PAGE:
29 Weeks Pregnant

Pregnancy week 29 fetus
length ~ 15.3 in  |  38.8 cm     weight ~ 2.5 lbs  |  1.1 kg   /   I'm spleen-tastic!

Fetal development in week 29

If you’ve been feeling weird little fluttering butterflies in your belly, it’s not just your run-of-the-mill pre-birth performance anxiety.

Actually, it's your amazing baby with a case of the hiccups: a fairly common occurrence at this point, due to them practicing breathing for their big birthday.

In addition to getting a round of butterfly-like hiccups, your little swimmer has arduously managed to accumulate enough baby fat to account for nearly 3.5% of their overall body weight.

Yeah, compared to we lardy adults, it’s not very impressive, but considering they used to have NO fat, it’s certainly a healthy (and body-warming) accomplishment in its way.

Another fantastic life-critical accomplishment: your baby's spleen is now in charge of hematopoiesis — the 10 dollar name for the process involved in building up certain important blood components.

And how's mom doing?

If you just got back from the restroom, we're sure you're aware that you’ve finally reached that infamous “live-on-the-toilet” phase of pregnancy where everything's bigger (boobs, butt, baby, belly) but your bladder.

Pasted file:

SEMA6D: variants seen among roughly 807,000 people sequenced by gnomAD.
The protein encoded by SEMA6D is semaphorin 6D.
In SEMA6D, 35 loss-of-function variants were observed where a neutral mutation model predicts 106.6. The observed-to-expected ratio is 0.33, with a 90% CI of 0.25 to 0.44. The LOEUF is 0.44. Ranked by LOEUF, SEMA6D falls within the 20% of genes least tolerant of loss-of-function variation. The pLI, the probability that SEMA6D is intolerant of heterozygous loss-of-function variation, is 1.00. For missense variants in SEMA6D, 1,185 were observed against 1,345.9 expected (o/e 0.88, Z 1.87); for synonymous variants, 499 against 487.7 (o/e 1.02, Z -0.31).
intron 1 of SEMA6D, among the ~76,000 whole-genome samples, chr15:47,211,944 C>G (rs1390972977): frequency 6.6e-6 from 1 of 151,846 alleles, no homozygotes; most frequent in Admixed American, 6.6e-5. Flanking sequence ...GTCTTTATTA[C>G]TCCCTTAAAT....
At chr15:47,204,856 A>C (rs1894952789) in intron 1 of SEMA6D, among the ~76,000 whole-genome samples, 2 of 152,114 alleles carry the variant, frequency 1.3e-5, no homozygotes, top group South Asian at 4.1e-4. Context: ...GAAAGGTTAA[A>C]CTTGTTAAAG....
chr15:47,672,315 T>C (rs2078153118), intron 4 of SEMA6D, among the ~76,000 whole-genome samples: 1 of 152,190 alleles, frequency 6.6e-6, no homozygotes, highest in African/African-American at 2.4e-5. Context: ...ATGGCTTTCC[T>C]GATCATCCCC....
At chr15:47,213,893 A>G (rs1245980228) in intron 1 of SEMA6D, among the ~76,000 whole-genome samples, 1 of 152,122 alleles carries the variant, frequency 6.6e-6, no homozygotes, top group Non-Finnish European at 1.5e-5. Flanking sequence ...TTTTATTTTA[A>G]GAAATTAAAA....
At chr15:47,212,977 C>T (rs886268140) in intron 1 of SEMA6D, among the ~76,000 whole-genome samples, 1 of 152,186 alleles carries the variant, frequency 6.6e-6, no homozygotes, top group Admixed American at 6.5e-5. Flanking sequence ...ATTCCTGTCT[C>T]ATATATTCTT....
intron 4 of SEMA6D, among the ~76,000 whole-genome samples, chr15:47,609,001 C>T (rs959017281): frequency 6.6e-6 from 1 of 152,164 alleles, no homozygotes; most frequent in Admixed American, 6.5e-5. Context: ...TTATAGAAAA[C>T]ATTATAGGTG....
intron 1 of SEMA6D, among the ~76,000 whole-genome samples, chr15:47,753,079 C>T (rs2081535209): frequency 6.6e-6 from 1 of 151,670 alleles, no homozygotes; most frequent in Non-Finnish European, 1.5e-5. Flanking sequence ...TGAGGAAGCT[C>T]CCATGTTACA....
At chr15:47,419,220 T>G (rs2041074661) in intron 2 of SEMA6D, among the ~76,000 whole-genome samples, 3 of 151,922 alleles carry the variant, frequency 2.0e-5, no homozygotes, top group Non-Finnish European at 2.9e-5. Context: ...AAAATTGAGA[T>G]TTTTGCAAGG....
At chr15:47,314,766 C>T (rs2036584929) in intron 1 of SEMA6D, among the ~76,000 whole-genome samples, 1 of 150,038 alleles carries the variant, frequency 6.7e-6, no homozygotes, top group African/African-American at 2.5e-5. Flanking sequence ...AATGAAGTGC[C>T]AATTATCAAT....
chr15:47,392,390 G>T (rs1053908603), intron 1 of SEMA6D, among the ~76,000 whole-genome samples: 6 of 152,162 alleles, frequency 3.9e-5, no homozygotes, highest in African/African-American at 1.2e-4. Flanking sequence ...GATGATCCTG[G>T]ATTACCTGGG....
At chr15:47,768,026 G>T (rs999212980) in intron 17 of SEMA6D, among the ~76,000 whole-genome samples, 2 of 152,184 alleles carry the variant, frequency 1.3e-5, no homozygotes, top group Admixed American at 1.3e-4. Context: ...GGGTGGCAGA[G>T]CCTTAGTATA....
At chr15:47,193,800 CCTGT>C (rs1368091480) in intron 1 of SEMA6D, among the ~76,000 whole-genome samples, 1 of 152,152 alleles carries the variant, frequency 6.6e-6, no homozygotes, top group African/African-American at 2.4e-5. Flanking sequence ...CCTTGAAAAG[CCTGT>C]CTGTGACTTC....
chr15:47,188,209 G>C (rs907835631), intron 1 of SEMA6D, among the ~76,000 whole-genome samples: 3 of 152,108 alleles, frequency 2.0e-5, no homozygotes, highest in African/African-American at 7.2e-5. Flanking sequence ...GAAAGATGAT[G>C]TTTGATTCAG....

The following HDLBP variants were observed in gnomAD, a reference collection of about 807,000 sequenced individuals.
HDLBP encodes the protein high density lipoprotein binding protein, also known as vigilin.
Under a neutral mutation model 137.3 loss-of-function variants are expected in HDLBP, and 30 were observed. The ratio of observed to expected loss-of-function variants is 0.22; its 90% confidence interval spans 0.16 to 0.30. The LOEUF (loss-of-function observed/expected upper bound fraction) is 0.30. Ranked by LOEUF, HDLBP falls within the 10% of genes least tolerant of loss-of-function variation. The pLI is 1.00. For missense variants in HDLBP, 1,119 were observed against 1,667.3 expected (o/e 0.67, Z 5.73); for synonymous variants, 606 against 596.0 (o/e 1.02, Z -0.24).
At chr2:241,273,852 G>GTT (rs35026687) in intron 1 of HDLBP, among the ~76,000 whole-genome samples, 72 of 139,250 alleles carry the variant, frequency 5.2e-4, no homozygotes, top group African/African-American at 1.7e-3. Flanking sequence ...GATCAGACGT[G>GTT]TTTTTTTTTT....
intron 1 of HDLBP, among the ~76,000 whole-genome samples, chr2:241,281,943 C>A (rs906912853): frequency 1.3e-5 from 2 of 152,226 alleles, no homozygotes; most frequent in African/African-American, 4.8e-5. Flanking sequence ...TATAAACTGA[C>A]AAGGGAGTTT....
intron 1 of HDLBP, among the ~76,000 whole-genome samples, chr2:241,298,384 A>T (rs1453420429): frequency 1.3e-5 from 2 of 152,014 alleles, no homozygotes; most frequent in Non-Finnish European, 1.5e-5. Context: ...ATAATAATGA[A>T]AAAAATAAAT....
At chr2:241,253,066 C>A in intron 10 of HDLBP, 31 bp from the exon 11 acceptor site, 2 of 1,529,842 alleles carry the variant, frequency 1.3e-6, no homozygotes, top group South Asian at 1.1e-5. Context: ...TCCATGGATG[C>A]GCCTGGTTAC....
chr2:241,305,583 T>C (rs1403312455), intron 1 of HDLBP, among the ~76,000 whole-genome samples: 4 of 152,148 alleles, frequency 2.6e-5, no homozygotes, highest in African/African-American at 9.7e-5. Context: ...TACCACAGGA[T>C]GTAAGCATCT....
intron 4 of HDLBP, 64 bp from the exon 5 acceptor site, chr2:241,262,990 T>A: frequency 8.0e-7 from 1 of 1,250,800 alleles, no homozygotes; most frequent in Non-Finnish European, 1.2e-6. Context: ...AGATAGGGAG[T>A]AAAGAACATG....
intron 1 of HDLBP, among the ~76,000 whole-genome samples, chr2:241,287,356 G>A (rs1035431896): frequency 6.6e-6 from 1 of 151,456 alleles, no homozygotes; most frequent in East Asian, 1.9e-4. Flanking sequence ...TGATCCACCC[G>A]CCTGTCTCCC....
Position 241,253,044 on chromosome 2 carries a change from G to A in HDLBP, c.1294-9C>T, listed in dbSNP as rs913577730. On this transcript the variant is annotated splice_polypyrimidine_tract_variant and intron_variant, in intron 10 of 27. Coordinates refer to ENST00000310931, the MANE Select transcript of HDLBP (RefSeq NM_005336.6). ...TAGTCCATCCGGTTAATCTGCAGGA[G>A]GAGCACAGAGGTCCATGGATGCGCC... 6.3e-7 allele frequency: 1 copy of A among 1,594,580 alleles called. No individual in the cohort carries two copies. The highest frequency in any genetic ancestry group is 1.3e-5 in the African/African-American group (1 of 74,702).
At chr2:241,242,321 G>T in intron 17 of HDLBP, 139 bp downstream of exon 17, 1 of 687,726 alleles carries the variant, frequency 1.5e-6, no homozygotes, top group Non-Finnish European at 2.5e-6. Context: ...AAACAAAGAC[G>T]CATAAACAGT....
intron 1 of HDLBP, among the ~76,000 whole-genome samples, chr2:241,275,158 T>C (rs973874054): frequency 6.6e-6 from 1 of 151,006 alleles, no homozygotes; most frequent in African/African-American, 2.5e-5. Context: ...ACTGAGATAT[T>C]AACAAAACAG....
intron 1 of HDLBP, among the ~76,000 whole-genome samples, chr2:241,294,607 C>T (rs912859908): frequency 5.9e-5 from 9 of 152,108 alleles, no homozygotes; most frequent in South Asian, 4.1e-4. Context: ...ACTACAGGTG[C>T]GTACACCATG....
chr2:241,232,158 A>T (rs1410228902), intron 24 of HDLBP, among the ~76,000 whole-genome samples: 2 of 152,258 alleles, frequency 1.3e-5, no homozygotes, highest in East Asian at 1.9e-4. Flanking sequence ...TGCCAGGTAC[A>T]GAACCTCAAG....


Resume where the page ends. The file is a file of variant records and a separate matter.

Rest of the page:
Your best strategy is to accept the fact you’re going to need to pee every 15 minutes or so. If you manage to go for over an hour without running to the restroom, count yourself amongst the lucky iron-bladdered few.

In other annoying symptoms, many women experience jittery legs during the second half of pregnancy, which is a common condition known as Restless Leg Syndrome. This is caused by circulation issues due to the increased blood volume that has your heart working harder than it's ever had to before.

Although it's irritating, it's pretty much harmless as far as pregnancy symptoms go. Cutting out caffeine, staying active, stretching your calf muscles slowly, and deep muscle massages are generally effective ways to deal with RLS.

Less than three months till your wee babe's birthday and the return of your body to normal human proportions!

Did You Know?

Two of the most common reason for Braxton-Hicks contractions during pregnancy is dehydration or bladder infection. Both of these problems can be best handled by drinking loads and loads of water (or anything not caffeinated or alcoholic). Not-so-conveniently, once you’re drank all your water and your bladder is super-full, BH contractions will again increase.
Week 29 cartoon